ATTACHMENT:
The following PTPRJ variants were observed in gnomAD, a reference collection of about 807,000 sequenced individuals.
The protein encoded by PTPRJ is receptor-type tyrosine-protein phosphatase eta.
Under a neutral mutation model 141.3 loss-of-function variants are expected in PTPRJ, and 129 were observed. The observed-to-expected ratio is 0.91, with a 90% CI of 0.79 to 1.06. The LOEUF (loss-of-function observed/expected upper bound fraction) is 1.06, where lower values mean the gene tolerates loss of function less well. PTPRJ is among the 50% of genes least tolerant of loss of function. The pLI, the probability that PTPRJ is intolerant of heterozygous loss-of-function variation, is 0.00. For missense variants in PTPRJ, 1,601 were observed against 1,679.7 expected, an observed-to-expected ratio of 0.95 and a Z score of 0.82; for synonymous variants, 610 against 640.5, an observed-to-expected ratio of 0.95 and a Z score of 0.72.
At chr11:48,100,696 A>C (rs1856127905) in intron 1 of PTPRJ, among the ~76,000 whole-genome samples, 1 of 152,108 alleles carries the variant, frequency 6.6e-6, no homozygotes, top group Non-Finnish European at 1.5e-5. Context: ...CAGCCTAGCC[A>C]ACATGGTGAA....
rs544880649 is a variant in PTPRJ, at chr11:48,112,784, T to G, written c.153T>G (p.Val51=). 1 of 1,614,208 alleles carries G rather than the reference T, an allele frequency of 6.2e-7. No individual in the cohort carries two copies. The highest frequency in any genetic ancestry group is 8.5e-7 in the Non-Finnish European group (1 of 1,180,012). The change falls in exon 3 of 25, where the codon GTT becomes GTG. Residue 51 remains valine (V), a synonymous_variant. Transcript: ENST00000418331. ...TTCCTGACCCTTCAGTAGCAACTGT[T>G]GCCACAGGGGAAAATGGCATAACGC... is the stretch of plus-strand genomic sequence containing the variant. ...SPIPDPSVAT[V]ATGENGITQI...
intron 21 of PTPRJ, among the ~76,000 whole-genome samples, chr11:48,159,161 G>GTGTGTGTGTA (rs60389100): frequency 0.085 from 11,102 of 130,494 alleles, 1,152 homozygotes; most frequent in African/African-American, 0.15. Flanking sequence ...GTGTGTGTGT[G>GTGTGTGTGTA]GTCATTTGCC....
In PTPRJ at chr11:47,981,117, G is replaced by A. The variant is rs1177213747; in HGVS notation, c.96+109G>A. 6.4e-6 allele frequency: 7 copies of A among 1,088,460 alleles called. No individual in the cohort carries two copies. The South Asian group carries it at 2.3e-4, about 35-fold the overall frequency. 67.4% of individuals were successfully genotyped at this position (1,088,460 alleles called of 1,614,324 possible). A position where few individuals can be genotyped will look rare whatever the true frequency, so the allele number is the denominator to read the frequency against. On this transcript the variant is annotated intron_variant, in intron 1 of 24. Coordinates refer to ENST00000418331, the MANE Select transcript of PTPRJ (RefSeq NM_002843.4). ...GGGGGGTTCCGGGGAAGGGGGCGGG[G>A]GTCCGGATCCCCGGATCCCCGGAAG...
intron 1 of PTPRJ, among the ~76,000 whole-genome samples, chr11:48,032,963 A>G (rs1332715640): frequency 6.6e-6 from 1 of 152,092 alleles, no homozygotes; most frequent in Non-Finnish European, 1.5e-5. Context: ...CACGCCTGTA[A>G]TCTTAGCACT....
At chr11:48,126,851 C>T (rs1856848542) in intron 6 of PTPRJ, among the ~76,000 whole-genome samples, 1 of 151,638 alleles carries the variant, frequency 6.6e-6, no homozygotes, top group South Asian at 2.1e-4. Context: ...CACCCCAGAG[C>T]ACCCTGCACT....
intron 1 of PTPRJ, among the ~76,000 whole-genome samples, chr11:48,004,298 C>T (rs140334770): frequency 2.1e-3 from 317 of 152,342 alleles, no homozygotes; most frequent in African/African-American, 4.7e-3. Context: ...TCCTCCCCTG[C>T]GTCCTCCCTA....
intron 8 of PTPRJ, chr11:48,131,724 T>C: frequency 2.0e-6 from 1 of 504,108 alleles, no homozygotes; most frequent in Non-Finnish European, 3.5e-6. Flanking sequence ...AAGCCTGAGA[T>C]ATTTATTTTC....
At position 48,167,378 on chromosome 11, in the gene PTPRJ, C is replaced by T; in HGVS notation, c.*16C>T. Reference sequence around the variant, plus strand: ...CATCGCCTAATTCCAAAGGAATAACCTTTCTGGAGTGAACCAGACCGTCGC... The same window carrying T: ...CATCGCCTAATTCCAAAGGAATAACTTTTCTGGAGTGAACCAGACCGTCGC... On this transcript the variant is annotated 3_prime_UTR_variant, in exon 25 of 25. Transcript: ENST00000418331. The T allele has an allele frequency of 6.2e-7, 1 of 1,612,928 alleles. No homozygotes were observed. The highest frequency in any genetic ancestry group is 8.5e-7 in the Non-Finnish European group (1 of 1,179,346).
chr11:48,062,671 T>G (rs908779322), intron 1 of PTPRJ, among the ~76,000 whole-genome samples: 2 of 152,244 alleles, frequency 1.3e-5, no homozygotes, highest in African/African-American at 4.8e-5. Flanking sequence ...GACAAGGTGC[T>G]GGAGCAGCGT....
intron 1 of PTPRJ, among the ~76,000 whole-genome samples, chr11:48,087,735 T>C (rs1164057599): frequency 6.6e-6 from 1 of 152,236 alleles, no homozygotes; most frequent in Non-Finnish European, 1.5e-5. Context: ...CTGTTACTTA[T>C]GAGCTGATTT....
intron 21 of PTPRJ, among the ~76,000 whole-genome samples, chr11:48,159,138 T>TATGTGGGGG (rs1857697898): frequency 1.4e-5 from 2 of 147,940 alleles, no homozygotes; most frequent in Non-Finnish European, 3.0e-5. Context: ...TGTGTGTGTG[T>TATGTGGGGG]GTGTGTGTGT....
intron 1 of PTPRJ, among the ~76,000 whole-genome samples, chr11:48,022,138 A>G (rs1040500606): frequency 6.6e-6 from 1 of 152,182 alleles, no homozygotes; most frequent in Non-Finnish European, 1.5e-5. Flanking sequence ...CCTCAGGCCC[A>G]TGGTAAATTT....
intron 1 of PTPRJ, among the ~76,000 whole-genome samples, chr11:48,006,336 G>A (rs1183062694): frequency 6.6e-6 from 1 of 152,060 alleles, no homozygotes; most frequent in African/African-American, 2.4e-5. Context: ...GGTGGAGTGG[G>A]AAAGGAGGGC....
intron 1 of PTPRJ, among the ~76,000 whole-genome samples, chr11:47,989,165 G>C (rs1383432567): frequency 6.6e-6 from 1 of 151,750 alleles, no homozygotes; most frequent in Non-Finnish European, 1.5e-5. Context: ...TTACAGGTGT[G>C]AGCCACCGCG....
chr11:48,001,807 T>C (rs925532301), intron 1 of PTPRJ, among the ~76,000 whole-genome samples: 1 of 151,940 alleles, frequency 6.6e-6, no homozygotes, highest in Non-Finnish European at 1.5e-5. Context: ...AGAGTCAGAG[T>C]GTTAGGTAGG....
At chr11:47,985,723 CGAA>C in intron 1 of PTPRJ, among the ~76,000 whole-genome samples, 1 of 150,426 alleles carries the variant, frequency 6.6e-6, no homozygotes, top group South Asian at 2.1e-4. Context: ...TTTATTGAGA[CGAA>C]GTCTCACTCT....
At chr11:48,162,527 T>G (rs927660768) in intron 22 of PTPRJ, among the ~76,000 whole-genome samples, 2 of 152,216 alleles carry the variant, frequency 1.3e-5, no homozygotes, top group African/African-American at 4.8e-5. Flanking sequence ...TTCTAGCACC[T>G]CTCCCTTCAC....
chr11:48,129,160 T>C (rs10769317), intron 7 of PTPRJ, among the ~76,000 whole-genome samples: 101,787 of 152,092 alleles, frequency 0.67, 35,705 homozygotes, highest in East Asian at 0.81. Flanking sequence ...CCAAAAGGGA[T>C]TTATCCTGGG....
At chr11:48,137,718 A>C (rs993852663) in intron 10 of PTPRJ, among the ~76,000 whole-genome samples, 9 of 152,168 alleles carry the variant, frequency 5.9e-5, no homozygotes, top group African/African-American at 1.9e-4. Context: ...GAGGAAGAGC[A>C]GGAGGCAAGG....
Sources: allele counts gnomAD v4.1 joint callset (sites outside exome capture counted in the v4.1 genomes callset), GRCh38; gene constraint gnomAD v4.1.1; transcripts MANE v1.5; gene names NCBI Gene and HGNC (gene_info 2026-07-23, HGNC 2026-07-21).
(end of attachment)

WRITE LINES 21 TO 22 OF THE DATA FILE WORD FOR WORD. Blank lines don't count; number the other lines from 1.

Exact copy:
At chr11:48,162,527 T>G (rs927660768) in intron 22 of PTPRJ, among the ~76,000 whole-genome samples, 2 of 152,216 alleles carry the variant, frequency 1.3e-5, no homozygotes, top group African/African-American at 4.8e-5. Flanking sequence ...TTCTAGCACC[T>G]CTCCCTTCAC....
chr11:48,129,160 T>C (rs10769317), intron 7 of PTPRJ, among the ~76,000 whole-genome samples: 101,787 of 152,092 alleles, frequency 0.67, 35,705 homozygotes, highest in East Asian at 0.81. Flanking sequence ...CCAAAAGGGA[T>C]TTATCCTGGG....